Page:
"Morning Bell" / "Motion Picture Soundtrack"
#9 “Morning Bell”
One of Kid A‘s blips—the short spots used to promote the album back in 2000—features a black and white animation; leafless trees spread out haphazardly across a snow covered field with a dark foreboding sky in the background. In the less than 20-second clip, a giant stick figure with arms that swoop down towards its feet traverses across the land while a piece of “Morning Bell” plays in the background. Like many of Kid A‘s previous songs, “Bell” starts off light, slowly building itself piece-by-piece until it turns into a cacophony of cymbals and miscellaneous sound effects. The portion used in this clip is, fittingly, from the latter part of the track. The loud dissonant noise mixed with the sketch-animation makes the spot haunting and a bit mysterious—not unlike “Morning Bell” in its entirety and, to a larger extent, Kid A itself.
Looking at it from the perspective of someone who had never listened to the full track, it wouldn’t have been too much of a stretch to assume that Kid A was going to be one giant avant-garde noise experiment (and, to a certain extent, that’s what it ended up being). But once you heard the complete song, you began to understand how the fragment itself fit into the overarching narrative of “Morning Bell.”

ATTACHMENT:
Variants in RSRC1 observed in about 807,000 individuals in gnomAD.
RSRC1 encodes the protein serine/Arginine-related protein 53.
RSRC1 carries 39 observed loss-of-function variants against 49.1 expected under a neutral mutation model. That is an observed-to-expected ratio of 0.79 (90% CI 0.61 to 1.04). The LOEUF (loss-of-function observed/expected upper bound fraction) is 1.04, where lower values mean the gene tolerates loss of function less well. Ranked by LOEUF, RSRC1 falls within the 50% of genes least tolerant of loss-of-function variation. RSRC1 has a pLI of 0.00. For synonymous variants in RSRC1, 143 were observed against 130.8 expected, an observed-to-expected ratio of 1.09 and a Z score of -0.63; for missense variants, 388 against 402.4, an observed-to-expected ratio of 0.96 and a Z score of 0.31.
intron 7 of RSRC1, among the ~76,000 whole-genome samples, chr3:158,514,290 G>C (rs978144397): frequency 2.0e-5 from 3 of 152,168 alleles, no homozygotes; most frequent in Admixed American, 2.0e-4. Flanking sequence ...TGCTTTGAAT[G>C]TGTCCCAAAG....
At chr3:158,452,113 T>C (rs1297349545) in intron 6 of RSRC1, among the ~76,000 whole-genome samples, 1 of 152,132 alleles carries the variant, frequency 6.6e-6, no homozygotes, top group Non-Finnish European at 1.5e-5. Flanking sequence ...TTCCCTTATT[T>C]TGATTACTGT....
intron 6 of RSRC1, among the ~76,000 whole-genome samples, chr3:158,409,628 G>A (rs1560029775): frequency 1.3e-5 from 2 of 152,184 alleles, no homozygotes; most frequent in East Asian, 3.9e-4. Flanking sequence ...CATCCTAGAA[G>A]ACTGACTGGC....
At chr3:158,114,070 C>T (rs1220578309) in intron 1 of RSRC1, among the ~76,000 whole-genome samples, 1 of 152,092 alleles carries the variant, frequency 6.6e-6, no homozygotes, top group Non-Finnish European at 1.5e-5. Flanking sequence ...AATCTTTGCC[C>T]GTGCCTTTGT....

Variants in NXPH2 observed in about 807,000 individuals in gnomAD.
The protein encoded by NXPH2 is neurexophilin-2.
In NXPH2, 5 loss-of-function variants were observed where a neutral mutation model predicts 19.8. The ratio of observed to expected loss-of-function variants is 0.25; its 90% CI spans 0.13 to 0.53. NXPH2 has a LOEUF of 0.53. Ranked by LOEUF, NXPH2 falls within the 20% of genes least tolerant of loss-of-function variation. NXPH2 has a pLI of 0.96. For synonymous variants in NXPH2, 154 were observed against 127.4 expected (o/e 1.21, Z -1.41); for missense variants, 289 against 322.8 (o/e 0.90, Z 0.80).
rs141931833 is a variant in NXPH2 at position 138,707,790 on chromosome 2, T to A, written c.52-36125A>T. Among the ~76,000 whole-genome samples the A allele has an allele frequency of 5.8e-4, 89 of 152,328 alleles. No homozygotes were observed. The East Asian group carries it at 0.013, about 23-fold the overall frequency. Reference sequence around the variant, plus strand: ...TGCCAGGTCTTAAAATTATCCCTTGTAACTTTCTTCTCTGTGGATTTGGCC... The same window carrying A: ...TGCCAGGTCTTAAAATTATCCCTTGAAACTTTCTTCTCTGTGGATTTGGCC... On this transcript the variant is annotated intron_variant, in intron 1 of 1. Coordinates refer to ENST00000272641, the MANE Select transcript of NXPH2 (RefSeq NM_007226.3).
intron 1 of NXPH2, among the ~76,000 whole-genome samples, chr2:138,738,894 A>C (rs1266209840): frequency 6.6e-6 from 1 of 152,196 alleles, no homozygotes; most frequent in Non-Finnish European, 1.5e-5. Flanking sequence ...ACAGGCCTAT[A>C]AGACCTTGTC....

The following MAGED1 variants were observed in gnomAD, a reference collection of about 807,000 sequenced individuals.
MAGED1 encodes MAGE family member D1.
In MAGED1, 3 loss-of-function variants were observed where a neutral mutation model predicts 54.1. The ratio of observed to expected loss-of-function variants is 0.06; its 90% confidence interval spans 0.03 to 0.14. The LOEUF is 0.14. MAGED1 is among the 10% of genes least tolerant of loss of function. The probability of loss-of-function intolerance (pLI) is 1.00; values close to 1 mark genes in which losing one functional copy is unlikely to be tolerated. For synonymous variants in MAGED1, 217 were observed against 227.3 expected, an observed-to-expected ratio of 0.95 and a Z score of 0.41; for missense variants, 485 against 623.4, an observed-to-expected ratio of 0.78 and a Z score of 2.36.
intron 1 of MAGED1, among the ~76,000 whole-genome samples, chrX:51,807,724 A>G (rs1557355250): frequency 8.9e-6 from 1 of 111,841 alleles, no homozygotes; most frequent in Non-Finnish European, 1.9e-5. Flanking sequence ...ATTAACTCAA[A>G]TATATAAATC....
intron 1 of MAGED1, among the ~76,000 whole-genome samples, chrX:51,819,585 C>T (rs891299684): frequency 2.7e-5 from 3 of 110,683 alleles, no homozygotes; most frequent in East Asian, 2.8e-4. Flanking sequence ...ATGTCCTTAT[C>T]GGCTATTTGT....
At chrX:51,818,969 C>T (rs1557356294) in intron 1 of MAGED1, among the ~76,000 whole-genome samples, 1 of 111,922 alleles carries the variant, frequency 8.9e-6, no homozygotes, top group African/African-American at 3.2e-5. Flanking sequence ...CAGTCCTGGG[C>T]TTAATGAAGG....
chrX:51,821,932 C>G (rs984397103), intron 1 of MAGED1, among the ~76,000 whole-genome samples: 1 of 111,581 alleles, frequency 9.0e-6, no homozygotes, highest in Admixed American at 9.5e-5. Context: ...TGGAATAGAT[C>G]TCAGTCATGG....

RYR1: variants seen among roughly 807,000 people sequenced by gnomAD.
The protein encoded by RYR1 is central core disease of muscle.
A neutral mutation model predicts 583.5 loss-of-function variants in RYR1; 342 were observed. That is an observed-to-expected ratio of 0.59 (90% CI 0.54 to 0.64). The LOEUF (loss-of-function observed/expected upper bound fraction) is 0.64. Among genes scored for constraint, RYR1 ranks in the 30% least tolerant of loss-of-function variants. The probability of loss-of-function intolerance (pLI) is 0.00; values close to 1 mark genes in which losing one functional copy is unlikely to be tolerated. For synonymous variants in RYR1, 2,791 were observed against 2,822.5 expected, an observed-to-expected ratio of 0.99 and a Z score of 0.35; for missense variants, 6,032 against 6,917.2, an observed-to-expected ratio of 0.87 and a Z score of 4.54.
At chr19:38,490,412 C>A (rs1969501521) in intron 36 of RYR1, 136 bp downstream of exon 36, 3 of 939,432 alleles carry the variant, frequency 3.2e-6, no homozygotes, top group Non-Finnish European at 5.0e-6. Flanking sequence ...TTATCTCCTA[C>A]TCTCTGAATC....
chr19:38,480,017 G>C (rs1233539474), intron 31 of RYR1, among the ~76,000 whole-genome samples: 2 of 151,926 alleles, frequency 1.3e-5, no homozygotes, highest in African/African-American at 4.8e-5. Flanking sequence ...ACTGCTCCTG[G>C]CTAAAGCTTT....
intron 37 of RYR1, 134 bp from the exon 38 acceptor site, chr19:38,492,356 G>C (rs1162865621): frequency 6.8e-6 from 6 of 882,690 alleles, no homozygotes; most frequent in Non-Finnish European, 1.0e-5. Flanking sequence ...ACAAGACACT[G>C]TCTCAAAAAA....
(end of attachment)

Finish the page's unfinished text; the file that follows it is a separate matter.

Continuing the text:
Beginning with a scratching noise left over from one of Kid A‘s highlights, the upbeat “Idioteque”, “Morning Bell” settles things down a bit with a steady 5/4 drum beat, a bass line and a smooth set of organ chords. Even with the addition of Thom Yorke’s lightly distorted voice, Radiohead keeps this path mostly clear until the last minute of the track when all hell breaks loose—a screeching guitar and other sound effects fade in, layering over one another as Yorke’s voice slowly drowns in the madness.
Unlike the majority of tracks on Kid A, the lyrical content of “Bell” follows some sort of story arc. Yorke has admitted to throwing words into a hat and picking them to write the lyrics for songs on this album, and that is apparent here with the random, poetic phrases in each verse: “You can keep the furniture/A bump on the head/Howling down the chimney”. But the song as a whole seems to allude, rather obviously, to the painful breakup of a couple. The idea of “keeping the furniture” and “cutting the kids in half” (as mentioned later on) can be interpreted as arguing about what to do with your shared possessions and your personal keepsakes once you split up.
But what really helps personalize “Morning Bell” is the constant repetition of the words “release me”. Whether or not you have ever experienced a painful breakup, Yorke’s falsetto seems to connect the soul of the song with its listener, as “Bell” goes deeper into a state of complete disorder. The chaotic nature goes hand in hand with Yorke’s barely audible last verse: “the lights are on but nobody’s home/and everyone wants to be your friend / and nobody wants to be afraid ... until you’re walking, walking, walking”. It represents a feeling of loneliness and abandonment.
The fact that we can pinpoint an actual message in any Kid A song is pretty remarkable, which is one of the reasons “Morning Bell” is so special.
#10 “Motion Picture Soundtrack”
At the risk of understatement, Kid A is a massively depressing listen.